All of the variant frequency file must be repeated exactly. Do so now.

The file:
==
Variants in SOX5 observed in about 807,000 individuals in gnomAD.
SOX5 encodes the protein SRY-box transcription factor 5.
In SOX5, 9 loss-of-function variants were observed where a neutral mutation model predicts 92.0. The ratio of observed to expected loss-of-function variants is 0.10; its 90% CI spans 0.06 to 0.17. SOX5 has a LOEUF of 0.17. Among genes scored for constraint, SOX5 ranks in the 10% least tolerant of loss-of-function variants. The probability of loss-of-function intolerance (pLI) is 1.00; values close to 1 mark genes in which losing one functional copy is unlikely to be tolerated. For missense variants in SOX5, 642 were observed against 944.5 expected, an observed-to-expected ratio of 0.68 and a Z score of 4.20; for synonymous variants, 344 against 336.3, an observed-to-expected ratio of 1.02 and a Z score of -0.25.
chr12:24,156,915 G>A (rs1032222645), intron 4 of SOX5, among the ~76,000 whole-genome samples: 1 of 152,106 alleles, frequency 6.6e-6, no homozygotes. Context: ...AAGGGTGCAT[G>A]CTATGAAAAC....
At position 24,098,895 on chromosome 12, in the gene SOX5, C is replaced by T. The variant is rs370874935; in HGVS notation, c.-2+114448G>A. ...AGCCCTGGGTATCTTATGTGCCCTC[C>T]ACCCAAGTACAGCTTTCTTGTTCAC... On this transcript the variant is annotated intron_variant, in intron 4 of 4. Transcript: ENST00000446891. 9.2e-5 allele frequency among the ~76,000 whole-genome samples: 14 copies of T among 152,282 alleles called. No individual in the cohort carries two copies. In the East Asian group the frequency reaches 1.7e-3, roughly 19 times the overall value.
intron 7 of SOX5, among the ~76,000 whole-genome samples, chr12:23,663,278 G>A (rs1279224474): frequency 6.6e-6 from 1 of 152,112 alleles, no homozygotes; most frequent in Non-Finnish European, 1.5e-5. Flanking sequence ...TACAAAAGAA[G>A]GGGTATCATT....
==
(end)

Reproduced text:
Variants in SOX5 observed in about 807,000 individuals in gnomAD.
SOX5 encodes the protein SRY-box transcription factor 5.
In SOX5, 9 loss-of-function variants were observed where a neutral mutation model predicts 92.0. The ratio of observed to expected loss-of-function variants is 0.10; its 90% CI spans 0.06 to 0.17. SOX5 has a LOEUF of 0.17. Among genes scored for constraint, SOX5 ranks in the 10% least tolerant of loss-of-function variants. The probability of loss-of-function intolerance (pLI) is 1.00; values close to 1 mark genes in which losing one functional copy is unlikely to be tolerated. For missense variants in SOX5, 642 were observed against 944.5 expected, an observed-to-expected ratio of 0.68 and a Z score of 4.20; for synonymous variants, 344 against 336.3, an observed-to-expected ratio of 1.02 and a Z score of -0.25.
chr12:24,156,915 G>A (rs1032222645), intron 4 of SOX5, among the ~76,000 whole-genome samples: 1 of 152,106 alleles, frequency 6.6e-6, no homozygotes. Context: ...AAGGGTGCAT[G>A]CTATGAAAAC....
At position 24,098,895 on chromosome 12, in the gene SOX5, C is replaced by T. The variant is rs370874935; in HGVS notation, c.-2+114448G>A. ...AGCCCTGGGTATCTTATGTGCCCTC[C>T]ACCCAAGTACAGCTTTCTTGTTCAC... On this transcript the variant is annotated intron_variant, in intron 4 of 4. Transcript: ENST00000446891. 9.2e-5 allele frequency among the ~76,000 whole-genome samples: 14 copies of T among 152,282 alleles called. No individual in the cohort carries two copies. In the East Asian group the frequency reaches 1.7e-3, roughly 19 times the overall value.
intron 7 of SOX5, among the ~76,000 whole-genome samples, chr12:23,663,278 G>A (rs1279224474): frequency 6.6e-6 from 1 of 152,112 alleles, no homozygotes; most frequent in Non-Finnish European, 1.5e-5. Flanking sequence ...TACAAAAGAA[G>A]GGGTATCATT....